Communication - Presse

TotalEnergies wants to expand airport to receive large aircraft in northern Mozambique

French multinational TotalEnergies intends to expand the Afungi airdrome in the area where it will build a liquefied natural gas plant in northern Mozambique, into an infrastructure capable of receiving Boeing and other large planes, a company official said today.

“Today, the airport’s runway is 1,700 meters long and there is a plan to expand it to 2,300 meters, so that planes such as Boeing 737s can land,” said Thierry Lacave, director at the TotalEnergies facilities in Afungi, Cabo Delgado province, in statements after a meeting with the Minister of Transport and Communications of Mozambique, Mateus Magala.

Lavave said that the increase in the capacity of that infrastructure aims to expand the response capacity to air traffic , which is being boosted by natural gas projects in the area.

The TotalEnergies consortium is currently committed to strengthening security conditions in the perimeter where the liquefied natural gas (LNG) plant will be built, he said

The multinational suspended its project in Cabo Delgado following an armed attack near the project facilities, in March 2021, in the context of armed violence that has been carried out by insurgents in the province.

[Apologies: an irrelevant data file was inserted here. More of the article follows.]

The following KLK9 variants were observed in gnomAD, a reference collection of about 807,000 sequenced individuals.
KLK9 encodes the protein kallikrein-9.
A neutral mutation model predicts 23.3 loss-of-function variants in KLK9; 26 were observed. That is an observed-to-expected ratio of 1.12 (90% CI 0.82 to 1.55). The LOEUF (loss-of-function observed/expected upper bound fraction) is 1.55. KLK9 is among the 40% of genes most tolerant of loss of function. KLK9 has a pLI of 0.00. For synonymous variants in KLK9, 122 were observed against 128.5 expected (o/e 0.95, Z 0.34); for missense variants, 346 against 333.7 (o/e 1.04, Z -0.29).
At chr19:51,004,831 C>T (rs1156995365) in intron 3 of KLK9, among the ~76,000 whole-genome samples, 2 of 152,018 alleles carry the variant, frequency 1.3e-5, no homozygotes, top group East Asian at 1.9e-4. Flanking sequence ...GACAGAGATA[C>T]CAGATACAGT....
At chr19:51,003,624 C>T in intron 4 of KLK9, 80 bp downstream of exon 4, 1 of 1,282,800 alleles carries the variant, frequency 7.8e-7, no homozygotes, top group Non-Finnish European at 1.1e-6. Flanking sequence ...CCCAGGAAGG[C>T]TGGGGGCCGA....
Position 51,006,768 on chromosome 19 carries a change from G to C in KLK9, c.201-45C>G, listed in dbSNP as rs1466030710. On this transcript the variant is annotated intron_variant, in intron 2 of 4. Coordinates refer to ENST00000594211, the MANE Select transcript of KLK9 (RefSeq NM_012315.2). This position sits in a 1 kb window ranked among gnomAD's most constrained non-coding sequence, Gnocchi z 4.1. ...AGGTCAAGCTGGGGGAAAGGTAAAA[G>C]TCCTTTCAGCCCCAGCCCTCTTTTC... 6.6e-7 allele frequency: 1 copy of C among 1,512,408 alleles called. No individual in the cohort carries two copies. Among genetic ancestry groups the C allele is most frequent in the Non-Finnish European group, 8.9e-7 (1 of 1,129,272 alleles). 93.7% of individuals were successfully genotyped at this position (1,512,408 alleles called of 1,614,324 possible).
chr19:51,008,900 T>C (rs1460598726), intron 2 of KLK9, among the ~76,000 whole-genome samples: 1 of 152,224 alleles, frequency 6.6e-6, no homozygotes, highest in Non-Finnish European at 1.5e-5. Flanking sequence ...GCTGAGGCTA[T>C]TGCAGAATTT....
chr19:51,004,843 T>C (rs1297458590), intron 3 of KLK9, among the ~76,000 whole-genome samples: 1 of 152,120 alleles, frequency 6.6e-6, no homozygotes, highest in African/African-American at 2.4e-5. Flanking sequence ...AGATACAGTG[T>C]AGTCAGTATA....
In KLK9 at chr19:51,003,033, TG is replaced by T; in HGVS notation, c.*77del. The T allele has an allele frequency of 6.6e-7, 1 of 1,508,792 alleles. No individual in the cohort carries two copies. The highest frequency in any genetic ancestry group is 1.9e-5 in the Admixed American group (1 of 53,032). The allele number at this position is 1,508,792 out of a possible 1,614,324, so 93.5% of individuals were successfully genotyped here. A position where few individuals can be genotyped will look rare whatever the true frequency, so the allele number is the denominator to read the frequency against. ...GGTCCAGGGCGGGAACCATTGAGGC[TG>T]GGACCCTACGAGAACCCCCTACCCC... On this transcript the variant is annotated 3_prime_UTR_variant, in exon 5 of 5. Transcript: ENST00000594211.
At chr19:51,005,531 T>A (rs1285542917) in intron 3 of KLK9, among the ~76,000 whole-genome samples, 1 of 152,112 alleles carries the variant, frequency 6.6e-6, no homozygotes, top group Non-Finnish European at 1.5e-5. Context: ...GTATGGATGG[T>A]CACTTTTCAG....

The president of TotalEnergies, Patrick Pouyanné, recently announced that the company planned to relaunch the project before the end of the year.

The Minister of Transport and Communications of Mozambique stated today that if it were up to the Mozambican executive, the TotalEnergies project would have been resumed “yesterday”, ensuring that security has been restored in Cabo Delgado, given the progress in the fight against armed groups.

“There is optimism and a sense of urgency” for the resumption of activities in the French multinational consortium’s gas project, said Mateus Magala.

Cabo Delgado he added, will be one of the main drivers of economic growth and the creation of economic and social prosperity in Mozambique, given the “vast resources at its disposal”.

The province has been facing armed insurgency for six years, with some attacks claimed by the extremist group Islamic State.

On the ground in Cabo Delgado, the Mozambican Armed Defence Forces have been fighting terrorism – in attacks that have been taking place since October 2017 and which are hampering the progress of natural gas production projects in the region – since July 2021, with support from Rwanda and the Southern African Development Community (SADC).

The conflict in northern Mozambique has already displaced a million people, according to the United Nations High Commissioner for Refugees (UNHCR), and caused around 4,000 deaths, according to the ACLED conflict registration project, while the Mozambican President this week admitted to “more than 2,000 fatalities. 




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